# Will you admit it, if you are wrong.
    # Will you try to always be positive,
    or helpful or critical?
    # Will your commentary be fair,
    unbiased and factual?
    Thanks Again.

  7. When I had just taken up blogging and was desperate for hits, had kept an open door policy. Then realized that WordPress does not record hits from spamming software and only manual hits were counted. Now have enabled the ‘required to log in settings’… not that it has helped the hit count only have less work cleaning up the spam.

  8. So, thanks to Jim for letting me test things out. What I’ve discovered is that it’s not the IP address or the text that I’m putting into the user name or indeed the comments that I’m making.

    Somehow, my actual website is being viewed as spam. Jim, can you tell me what you use to regulate your spam on the site? As I said in my earlier post, I did check with Akismet but they said I was not on their list. However, you may well be able to give me some more information to go back to them with.

    I would really like to get this sorted out as it is my business website and the whole idea of commenting is to get nice leads pointing back to it, whilst making friends amongst the blogging community by sharing good information and contributing to the discussion.

    • Hi Jo,

      In total, 7 comments came through from you, none were filtered as spam. However, as they were a series of test comments, I elected not to publish them. My blog uses Akismet to trap spam and as far as I can see, it has no issue with you whatsoever.

  9. I find so much obvious spam when I comment on some blogs. I’m like, “I never would have approved that previous comment.” I guess some people either don’t care, or they’re just excited to have anyone comment. Or they just don’t know it’s spam. But I see the generic stuff all the time. Also, about the age of a post, I won’t comment on blogs with old posts because more likely than not, if the blog hasn’t been posted to in a while, there’s no way my comment would be approved. Great post Jim. Look forward to reading more in the future.

    Merry Christmas.

  10. Jim this is a very detailed and thorough explanation of the reasons why a blog comment won’t make the cut. I think every blogger has had issues at some point trying to keep away spam blog comments. I particularly like your idea about freezing comments after 12 months although with some posts you may want to keep the discussion alive, do you think in that case you should write a new post related to that topic and reference the old one?

    • Hi Max. I believe that after 12-months, there should be a couple of hundred newer posts, to keep the conversation moving forward. That’s just my take – Not right or wrong, just the way I see it. Thanks for the feedback and welcome to the blog.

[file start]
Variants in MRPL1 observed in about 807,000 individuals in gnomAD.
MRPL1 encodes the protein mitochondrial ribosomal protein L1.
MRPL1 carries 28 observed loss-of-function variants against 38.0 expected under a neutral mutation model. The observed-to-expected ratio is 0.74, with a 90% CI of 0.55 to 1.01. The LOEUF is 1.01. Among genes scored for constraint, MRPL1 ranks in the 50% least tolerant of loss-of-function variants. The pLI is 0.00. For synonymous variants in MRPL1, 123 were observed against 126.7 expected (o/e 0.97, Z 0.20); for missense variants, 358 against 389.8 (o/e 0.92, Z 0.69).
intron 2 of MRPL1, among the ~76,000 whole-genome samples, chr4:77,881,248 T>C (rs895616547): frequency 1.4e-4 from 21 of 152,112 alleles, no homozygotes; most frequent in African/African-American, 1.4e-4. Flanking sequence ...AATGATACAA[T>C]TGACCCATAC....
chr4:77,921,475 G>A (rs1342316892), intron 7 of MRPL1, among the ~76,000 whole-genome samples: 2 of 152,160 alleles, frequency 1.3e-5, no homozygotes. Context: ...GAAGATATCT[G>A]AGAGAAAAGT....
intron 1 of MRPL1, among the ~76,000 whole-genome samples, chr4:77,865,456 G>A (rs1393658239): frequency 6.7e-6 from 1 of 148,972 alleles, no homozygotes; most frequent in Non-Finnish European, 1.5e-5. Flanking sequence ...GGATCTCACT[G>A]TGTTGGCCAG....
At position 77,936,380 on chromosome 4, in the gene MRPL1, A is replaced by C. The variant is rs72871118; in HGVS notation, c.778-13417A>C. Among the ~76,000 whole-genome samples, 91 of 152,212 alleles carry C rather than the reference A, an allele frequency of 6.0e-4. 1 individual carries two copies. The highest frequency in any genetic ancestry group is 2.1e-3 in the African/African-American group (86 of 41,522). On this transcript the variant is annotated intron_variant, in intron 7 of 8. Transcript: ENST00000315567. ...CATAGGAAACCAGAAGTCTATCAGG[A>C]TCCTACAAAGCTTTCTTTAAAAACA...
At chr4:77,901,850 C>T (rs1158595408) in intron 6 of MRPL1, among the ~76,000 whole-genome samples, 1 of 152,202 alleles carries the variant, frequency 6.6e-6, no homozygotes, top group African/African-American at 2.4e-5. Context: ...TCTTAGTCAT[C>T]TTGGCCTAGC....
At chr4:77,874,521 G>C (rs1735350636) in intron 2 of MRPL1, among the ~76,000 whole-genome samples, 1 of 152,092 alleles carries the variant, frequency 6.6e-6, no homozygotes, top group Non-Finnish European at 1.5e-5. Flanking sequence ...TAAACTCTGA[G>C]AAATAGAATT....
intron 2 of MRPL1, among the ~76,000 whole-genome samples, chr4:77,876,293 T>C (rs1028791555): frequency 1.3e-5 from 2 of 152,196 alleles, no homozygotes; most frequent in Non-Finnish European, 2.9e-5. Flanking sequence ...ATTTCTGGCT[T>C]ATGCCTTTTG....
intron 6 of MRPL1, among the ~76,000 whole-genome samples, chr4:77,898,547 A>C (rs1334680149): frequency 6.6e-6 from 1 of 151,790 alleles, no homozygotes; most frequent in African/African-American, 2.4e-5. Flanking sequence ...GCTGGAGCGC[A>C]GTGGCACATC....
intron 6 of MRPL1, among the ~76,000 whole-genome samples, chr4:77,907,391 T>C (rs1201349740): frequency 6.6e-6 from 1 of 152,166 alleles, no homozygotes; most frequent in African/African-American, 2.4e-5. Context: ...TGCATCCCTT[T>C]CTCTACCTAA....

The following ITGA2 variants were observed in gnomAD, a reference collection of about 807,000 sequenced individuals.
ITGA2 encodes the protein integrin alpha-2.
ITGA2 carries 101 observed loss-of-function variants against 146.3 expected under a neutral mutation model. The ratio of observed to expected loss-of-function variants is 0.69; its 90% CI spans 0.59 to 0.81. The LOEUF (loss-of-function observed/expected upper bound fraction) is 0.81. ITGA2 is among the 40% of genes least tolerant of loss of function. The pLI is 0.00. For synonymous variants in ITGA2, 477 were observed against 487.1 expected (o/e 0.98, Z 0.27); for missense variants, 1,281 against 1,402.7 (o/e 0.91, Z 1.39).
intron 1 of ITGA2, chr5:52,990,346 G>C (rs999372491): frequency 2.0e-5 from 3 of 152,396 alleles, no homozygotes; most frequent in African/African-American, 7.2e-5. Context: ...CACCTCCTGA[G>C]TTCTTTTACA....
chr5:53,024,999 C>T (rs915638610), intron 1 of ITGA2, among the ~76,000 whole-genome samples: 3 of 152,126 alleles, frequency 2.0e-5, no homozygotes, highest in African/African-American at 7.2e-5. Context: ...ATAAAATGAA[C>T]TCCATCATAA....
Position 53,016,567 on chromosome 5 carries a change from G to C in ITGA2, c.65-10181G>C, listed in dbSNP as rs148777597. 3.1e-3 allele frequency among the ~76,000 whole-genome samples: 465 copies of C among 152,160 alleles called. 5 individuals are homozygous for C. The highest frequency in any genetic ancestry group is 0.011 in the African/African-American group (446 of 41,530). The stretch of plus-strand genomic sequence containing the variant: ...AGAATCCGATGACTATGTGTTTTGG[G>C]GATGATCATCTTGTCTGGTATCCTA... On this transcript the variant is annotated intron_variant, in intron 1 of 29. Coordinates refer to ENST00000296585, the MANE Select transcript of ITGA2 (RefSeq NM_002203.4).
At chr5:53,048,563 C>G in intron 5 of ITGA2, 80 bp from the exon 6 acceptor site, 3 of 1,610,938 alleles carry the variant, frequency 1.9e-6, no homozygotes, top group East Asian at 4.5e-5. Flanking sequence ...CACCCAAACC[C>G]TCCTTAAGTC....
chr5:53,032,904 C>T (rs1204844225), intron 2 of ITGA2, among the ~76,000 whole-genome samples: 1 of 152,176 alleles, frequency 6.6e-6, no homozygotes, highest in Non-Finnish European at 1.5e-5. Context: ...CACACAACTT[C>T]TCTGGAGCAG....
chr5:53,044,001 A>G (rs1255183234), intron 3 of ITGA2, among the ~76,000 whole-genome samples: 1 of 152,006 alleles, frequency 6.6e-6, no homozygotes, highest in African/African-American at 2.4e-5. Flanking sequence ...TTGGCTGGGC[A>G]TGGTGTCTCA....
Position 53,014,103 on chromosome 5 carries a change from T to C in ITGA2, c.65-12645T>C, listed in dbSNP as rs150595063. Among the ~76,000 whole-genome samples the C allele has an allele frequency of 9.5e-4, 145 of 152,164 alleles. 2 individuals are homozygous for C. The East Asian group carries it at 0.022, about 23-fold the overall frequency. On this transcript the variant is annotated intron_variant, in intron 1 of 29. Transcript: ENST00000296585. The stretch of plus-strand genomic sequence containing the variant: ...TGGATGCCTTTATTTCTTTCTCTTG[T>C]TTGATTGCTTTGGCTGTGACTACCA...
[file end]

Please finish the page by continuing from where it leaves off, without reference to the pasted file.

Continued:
11. Just been re reading and there are some very smart comments here.


  12. Hi Jim, these are great and well thought out explanations to why a person’s comments aren’t showing up. I haven’t personally had this problem but know a few who have and will share this post with them. Thanks!

  13. Great post Jim.

    Come across this post whilst searching for information on ‘adding value with comments’.

    I go through the same process as above to decide on whether or not a comment gets published. A couple of deciding factors which always does it for me is ‘does this comment add value to my readers? and ‘will it get a conversation going?’. If the answer is yes to one or both then it will get published.

    I do however ignore ones which just say ‘Great post’…..they fail to tell me and other why it is a great post.


  14. Rightly said. I sit and delete most of the comments made in my blogs, becuase they are just backlinks and no content or comment. And also, there are comments which do not correspond with the post in no way. Hence, I mark such type of comments as spam.

    Dr Maharaja SivaSubramanian N

  15. I am guilty of using keywords as my name. However, i find quite a few do get published, probably because i take the time to read the entire blog post and then leave a lengthy reply raising additional key points which (hopefully) are valuable to the blogger and his/her readers!

    I do delete all comments with “great post” or similar as well as comments that have absolutely nothing to do with what the blog post was about. If the person adds something of value i will let the comment stand and allow them to use keywords as their name. If you want a backlink – earn it!! don’t be lazy!

    Thanks Jim, that was a good read and the sell by date bit made me laugh.. i’ve seen that so often!

  16. You know this has really helped me out. for a while there I was just putting “Great post” and wasn’t sure if I was doing my SEO right but this helps me out Thanks….